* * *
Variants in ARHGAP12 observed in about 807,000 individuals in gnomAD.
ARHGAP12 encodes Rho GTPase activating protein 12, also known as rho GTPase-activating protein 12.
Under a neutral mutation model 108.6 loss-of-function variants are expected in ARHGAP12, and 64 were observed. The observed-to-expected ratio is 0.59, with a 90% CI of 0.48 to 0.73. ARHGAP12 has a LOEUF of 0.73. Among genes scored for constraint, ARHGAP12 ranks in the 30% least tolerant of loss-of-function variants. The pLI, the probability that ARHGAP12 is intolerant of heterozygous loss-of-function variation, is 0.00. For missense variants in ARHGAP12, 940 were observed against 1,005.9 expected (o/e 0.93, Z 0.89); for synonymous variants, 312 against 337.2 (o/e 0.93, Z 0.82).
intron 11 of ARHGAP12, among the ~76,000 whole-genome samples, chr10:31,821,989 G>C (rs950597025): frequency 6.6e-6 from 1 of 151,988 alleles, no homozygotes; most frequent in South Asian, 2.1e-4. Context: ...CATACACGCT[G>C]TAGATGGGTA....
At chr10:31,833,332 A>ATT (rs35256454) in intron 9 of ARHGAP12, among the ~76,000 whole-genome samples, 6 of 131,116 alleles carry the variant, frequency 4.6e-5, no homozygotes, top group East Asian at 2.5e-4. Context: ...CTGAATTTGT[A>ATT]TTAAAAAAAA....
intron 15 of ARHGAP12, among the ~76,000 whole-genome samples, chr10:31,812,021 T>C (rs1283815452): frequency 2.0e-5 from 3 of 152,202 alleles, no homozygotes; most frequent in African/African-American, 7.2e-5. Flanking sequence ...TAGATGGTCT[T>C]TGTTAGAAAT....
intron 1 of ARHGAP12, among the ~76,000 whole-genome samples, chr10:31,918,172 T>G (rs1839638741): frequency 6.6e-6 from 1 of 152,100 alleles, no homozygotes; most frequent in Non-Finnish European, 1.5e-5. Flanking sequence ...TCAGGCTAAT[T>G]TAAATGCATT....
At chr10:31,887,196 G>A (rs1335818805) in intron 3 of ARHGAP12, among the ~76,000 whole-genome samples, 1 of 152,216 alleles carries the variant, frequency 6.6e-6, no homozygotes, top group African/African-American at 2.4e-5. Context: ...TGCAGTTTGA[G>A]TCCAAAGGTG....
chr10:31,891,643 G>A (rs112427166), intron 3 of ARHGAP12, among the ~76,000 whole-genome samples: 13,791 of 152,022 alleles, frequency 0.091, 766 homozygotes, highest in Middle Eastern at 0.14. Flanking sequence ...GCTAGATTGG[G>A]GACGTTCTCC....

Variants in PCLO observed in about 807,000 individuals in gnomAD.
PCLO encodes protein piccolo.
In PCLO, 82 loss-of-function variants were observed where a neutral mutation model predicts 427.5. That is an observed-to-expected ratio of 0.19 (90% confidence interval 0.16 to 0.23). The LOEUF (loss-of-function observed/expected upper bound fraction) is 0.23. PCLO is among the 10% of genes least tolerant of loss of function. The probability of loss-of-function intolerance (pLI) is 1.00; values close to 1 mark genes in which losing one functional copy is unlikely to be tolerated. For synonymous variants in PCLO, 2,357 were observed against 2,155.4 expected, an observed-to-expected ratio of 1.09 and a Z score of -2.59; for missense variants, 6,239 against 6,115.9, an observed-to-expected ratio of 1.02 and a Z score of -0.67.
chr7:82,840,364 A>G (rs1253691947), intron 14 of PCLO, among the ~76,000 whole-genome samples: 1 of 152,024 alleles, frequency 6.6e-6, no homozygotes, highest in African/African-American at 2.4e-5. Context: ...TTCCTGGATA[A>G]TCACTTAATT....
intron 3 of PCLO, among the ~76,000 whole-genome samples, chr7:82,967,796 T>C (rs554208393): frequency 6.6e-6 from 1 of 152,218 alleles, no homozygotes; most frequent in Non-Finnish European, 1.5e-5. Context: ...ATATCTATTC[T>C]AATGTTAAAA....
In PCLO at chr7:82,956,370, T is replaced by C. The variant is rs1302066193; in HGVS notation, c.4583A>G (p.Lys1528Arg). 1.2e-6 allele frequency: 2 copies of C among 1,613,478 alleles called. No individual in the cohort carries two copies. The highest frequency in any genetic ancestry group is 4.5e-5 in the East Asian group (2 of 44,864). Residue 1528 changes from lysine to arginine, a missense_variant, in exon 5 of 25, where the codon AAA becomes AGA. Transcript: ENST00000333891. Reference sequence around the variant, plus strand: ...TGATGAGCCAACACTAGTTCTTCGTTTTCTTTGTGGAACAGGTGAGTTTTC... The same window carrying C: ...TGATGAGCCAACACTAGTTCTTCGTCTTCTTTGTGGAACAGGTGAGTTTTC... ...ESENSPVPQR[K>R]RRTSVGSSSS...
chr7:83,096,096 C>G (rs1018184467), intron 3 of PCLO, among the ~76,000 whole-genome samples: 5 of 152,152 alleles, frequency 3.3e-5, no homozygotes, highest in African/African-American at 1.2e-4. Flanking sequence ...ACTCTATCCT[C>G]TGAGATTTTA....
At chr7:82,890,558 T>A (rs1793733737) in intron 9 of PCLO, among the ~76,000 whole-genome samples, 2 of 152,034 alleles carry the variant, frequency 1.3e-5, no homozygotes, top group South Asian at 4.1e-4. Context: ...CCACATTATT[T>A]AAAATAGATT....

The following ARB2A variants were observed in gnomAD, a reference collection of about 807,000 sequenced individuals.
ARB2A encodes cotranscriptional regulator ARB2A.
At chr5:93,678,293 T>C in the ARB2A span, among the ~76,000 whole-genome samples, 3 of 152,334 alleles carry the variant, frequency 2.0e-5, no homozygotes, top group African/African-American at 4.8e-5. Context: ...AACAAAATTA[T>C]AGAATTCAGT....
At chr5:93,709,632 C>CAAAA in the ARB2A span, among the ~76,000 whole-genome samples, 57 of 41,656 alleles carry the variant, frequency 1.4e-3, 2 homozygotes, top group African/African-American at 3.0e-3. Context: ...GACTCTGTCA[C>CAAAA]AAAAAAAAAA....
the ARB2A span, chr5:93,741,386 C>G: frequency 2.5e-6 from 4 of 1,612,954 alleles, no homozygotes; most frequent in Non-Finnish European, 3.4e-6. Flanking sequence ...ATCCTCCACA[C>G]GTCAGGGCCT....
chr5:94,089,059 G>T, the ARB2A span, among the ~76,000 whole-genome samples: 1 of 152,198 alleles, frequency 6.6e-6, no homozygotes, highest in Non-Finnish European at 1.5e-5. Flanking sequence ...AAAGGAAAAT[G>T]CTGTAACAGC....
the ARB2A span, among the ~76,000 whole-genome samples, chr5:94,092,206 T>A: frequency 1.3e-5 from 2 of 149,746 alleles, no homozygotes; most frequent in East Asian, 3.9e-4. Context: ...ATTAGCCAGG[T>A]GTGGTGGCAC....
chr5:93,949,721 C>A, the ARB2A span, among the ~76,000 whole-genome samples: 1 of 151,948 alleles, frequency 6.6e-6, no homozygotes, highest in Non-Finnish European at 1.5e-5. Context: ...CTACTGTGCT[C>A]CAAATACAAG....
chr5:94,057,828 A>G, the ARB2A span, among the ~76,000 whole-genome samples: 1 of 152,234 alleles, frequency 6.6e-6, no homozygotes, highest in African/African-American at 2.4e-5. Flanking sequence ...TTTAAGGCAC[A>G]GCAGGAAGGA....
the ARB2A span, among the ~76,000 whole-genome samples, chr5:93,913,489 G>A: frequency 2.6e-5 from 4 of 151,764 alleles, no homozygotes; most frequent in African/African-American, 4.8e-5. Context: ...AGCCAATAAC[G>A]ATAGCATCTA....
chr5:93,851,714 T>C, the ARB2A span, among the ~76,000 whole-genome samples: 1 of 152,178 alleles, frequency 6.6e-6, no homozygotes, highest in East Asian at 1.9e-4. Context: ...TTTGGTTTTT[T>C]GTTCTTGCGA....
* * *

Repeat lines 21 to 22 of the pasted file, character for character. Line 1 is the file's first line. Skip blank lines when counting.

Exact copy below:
At chr5:93,709,632 C>CAAAA in the ARB2A span, among the ~76,000 whole-genome samples, 57 of 41,656 alleles carry the variant, frequency 1.4e-3, 2 homozygotes, top group African/African-American at 3.0e-3. Context: ...GACTCTGTCA[C>CAAAA]AAAAAAAAAA....
the ARB2A span, chr5:93,741,386 C>G: frequency 2.5e-6 from 4 of 1,612,954 alleles, no homozygotes; most frequent in Non-Finnish European, 3.4e-6. Flanking sequence ...ATCCTCCACA[C>G]GTCAGGGCCT....